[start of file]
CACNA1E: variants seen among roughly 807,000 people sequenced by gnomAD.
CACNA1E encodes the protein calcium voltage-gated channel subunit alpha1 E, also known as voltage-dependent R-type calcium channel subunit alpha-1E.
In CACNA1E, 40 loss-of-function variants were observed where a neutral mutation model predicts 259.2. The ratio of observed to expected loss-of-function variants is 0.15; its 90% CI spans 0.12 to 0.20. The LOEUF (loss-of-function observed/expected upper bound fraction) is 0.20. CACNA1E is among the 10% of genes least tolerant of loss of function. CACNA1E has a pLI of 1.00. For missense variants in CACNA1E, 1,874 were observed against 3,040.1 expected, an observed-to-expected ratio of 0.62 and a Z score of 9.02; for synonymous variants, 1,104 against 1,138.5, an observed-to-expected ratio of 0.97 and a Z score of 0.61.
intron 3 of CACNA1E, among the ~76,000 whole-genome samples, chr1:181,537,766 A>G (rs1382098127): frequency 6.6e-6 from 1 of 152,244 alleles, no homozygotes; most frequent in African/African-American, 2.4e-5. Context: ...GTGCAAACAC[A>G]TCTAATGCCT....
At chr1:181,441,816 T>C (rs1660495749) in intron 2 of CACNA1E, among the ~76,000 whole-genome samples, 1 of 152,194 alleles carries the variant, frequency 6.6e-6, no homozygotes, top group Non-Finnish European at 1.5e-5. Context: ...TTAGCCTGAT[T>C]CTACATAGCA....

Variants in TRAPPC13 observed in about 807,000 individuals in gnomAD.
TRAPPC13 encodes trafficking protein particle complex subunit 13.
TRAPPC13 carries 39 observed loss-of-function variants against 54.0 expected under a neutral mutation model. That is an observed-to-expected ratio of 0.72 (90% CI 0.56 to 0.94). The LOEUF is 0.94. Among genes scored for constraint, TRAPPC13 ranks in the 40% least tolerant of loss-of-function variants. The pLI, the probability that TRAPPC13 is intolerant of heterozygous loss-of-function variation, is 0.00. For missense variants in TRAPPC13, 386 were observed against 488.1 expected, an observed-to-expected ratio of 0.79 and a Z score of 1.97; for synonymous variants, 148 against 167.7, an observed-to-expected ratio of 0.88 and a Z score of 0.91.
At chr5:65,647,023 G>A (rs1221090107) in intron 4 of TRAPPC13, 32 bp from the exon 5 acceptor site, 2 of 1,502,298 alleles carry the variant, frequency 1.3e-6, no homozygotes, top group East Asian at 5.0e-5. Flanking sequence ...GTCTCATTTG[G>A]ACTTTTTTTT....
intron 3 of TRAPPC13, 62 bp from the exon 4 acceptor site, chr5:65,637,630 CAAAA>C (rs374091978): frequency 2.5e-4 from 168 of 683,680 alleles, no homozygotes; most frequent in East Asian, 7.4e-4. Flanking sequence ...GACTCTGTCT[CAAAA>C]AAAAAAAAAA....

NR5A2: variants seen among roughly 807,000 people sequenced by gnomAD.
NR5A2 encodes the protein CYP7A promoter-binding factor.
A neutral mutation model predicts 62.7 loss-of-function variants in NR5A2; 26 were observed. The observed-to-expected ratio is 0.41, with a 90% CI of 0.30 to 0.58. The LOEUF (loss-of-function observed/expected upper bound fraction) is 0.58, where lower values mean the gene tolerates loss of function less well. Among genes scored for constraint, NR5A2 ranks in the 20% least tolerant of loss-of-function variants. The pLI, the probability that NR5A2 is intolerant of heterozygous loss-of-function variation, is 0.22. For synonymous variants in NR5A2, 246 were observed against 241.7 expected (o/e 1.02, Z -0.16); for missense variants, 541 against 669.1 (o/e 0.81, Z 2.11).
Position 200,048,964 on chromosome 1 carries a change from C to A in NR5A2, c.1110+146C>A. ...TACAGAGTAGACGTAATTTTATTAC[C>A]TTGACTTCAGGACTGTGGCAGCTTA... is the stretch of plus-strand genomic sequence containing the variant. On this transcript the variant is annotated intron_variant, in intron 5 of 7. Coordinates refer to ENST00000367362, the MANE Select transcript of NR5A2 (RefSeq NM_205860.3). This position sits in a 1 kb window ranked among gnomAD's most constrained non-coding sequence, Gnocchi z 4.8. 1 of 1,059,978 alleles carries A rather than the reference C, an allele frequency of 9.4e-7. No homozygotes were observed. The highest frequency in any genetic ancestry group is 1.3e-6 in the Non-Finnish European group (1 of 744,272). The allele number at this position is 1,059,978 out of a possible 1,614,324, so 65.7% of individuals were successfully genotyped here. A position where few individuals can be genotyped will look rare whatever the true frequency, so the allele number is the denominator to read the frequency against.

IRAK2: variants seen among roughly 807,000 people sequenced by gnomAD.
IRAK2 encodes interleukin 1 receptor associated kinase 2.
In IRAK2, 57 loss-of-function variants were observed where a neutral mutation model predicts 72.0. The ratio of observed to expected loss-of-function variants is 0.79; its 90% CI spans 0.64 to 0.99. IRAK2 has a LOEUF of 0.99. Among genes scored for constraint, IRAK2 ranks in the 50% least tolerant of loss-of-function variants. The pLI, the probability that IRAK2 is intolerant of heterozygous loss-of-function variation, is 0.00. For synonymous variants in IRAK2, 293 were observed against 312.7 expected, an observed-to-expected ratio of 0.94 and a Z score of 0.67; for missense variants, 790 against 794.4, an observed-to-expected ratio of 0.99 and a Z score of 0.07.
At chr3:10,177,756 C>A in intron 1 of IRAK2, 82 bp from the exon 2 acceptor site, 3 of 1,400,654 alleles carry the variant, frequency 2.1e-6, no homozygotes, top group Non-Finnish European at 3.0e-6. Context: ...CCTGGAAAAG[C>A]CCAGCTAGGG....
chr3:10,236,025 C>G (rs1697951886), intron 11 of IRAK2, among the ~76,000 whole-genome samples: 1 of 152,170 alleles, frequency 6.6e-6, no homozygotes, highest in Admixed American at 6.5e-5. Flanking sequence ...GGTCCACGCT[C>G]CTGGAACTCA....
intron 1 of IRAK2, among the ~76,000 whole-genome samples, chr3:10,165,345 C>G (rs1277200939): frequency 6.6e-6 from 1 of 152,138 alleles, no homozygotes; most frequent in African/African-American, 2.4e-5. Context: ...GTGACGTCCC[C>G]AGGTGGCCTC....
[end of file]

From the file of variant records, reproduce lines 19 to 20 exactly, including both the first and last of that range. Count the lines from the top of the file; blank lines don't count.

chr3:10,236,025 C>G (rs1697951886), intron 11 of IRAK2, among the ~76,000 whole-genome samples: 1 of 152,170 alleles, frequency 6.6e-6, no homozygotes, highest in Admixed American at 6.5e-5. Flanking sequence ...GGTCCACGCT[C>G]CTGGAACTCA....
intron 1 of IRAK2, among the ~76,000 whole-genome samples, chr3:10,165,345 C>G (rs1277200939): frequency 6.6e-6 from 1 of 152,138 alleles, no homozygotes; most frequent in African/African-American, 2.4e-5. Context: ...GTGACGTCCC[C>G]AGGTGGCCTC....